Colorado has the most confident, intelligent, thoughtful, inspiring, dedicated, joyful, influential, resilient, adventurous, independent, gutsy, innovative, groundbreaking women in America. Meet them.
Who Inspires You?
Successful people rarely get to where they are without support from someone. We asked some of Colorado’s most noteworthy women to tell us about the influential people in their lives.
President & CEO, Downtown Denver Partnership
"An old boss of mine, Dick Blouse, the former CEO of the Detroit Regional Chamber of Commerce, always said, 'You can make widgets or you can make a difference—or you can do both.' What he meant was so many people think they have to choose a specific job or role to be able to make a difference in the world, that their normal jobs don’t rise to that level. But he felt that you can do any kind of job and make a difference so long as you do your best and make a difference to those around you."
Most influential role model? "My mother, Annabelle Peña-Wickard."
What did you learn from her? "I learned assertiveness, laughter, love, independence, confidence, and kindness. Her mother was a food-service worker; her father was a mine worker and then a barber. All of their kids graduated from college. My mother was one of the first generation of minority women who had the opportunity to attend college, so it was important to her that my brother and I achieved not only their levels of opportunity and ambition but also exceeded them. My mom was also the only girl in her family, so she was very assertive. She set ambitious goals and would reach them. She instilled that principle of dreaming big and going after big goals in me, but she also taught me to use those gifts to give back to the community."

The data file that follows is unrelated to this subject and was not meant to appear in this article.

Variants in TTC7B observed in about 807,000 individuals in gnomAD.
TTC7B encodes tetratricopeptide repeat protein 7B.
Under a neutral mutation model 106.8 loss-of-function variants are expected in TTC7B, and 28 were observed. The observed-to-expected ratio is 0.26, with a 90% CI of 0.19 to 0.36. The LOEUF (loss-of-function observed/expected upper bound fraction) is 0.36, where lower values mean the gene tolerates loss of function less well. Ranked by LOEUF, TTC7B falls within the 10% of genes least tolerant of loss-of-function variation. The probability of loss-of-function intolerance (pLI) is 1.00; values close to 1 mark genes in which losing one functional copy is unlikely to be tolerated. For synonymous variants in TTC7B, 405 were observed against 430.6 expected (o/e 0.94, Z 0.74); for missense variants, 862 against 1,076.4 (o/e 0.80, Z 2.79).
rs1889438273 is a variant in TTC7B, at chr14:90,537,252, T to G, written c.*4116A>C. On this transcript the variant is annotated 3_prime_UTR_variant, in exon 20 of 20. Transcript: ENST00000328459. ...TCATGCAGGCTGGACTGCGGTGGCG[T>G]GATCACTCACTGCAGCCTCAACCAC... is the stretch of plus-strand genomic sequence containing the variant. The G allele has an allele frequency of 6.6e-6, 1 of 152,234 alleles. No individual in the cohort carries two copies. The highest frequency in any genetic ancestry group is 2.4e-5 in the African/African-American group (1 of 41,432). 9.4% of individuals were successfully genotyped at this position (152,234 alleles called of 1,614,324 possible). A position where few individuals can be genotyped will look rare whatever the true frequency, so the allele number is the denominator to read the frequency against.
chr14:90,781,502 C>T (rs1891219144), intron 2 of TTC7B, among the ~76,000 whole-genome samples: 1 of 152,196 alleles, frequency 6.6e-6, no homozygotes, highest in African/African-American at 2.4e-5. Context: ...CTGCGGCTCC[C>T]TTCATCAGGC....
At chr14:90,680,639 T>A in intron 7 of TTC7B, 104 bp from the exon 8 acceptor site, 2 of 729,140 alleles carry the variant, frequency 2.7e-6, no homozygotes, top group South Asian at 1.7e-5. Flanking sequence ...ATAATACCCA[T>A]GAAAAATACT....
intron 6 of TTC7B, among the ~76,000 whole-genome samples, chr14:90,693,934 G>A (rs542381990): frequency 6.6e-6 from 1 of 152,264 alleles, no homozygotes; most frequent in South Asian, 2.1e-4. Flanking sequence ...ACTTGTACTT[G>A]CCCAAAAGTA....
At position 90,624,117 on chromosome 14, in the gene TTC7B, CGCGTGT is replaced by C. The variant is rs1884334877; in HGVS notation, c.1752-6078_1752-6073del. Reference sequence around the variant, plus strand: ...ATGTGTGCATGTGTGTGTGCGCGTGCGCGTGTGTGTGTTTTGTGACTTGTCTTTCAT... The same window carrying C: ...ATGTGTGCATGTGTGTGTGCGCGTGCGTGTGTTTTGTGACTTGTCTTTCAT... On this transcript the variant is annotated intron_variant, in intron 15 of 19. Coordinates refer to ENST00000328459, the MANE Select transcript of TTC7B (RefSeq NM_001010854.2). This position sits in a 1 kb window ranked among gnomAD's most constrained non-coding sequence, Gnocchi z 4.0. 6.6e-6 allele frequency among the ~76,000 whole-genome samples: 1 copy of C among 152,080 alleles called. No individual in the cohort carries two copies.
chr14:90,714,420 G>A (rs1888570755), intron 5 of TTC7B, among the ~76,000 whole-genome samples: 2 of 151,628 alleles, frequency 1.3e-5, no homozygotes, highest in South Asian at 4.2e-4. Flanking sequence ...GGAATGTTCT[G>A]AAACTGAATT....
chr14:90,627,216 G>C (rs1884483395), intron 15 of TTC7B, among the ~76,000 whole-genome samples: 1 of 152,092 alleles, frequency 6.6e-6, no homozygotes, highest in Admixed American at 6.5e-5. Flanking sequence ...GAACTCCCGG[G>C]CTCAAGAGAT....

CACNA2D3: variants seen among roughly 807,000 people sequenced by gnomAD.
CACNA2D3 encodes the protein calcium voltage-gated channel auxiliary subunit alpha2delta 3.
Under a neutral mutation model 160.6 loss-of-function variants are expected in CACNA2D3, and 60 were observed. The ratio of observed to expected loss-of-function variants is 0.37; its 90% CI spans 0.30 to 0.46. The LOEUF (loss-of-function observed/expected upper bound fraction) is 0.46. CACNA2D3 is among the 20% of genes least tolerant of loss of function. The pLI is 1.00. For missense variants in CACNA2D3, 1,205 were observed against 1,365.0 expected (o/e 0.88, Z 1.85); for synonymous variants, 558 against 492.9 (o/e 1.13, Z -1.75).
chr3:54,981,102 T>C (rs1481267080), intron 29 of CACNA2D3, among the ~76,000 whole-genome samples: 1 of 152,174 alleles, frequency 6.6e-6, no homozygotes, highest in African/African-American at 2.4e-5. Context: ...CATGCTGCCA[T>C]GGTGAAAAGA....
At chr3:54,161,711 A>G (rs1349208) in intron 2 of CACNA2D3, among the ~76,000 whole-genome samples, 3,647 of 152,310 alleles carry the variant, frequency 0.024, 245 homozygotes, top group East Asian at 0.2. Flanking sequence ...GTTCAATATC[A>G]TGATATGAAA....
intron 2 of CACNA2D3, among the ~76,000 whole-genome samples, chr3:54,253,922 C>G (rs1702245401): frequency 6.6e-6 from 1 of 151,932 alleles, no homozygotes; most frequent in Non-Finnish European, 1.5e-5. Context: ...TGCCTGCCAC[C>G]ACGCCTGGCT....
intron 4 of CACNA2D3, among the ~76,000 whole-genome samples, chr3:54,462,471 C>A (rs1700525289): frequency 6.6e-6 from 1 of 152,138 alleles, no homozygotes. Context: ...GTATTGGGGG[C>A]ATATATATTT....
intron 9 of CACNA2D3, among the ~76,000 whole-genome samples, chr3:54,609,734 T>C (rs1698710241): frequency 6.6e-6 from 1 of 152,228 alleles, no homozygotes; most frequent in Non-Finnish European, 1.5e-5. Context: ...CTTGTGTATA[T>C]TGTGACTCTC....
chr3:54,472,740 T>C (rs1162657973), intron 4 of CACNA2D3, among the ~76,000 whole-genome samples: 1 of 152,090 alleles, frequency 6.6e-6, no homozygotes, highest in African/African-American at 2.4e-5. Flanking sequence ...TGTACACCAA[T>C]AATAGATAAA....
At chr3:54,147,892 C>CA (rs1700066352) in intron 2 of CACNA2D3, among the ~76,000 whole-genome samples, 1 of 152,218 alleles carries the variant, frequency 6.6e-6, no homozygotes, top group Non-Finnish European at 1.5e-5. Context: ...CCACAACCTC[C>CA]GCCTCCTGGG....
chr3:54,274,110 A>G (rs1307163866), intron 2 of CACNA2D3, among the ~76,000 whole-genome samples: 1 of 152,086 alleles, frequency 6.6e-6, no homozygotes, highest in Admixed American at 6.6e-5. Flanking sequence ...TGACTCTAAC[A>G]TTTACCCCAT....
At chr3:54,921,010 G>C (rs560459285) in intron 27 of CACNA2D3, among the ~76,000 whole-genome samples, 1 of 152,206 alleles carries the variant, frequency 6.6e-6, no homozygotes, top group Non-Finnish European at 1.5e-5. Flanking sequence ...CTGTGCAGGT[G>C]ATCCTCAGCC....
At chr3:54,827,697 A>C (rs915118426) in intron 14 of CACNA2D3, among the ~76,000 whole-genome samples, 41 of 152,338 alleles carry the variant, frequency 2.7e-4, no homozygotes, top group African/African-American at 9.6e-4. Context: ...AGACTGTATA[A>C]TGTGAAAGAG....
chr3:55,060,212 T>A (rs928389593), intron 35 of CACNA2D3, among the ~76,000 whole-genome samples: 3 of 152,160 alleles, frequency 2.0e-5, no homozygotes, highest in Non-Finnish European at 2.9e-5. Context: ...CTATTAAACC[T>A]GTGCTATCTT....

Executive Director, Morgan Adams Foundation
“I love Rosie the Riveter. She stands for all women who aren’t afraid to step into roles they didn’t have before, take charge, be bossy when they need to be, learn new skills in order to kick some butt in whatever setting they’re in, and create something powerful in the process.”
Founder & Director, Women's Global Empowerment Fund
"There is a group of women in northern Uganda, who were my first clients, who have been influential in my life. These are women who, when I first met them, were fresh from conflict, violence, and poverty. They taught me grace, courage, sisterhood, how to care for one another as part of a community, and the resilience of the human spirit."
Chief Financial Officer & Deputy Mayor, City of Denvery
"Gail Schoettler, the former lieutenant governor and state treasurer, has been an adviser to me on public finance and leadership throughout my career. She’s a great leader and always pushed me forward. She taught me to appreciate the importance of serving in a leadership position."
Maria Belew Wheatley
Former Executive Director, Colorado Ballet
“My high school homeroom teacher encouraged me to go to college. I grew up in a poor farm family, so none of my siblings had gone to college. It wasn’t in my family’s expectations. She is the reason I realized that I could.”
President & Shareholder, Koncilja and Associates
"The one person who continues to be a great inspiration to me is my grandmother, Lucia DiTella. She came to this country when she was 14 years old to an arranged marriage. She came from Italy and didn’t speak English. She was incredibly smart, and although she had limited opportunities, it never made her bitter. She had a great zest for life."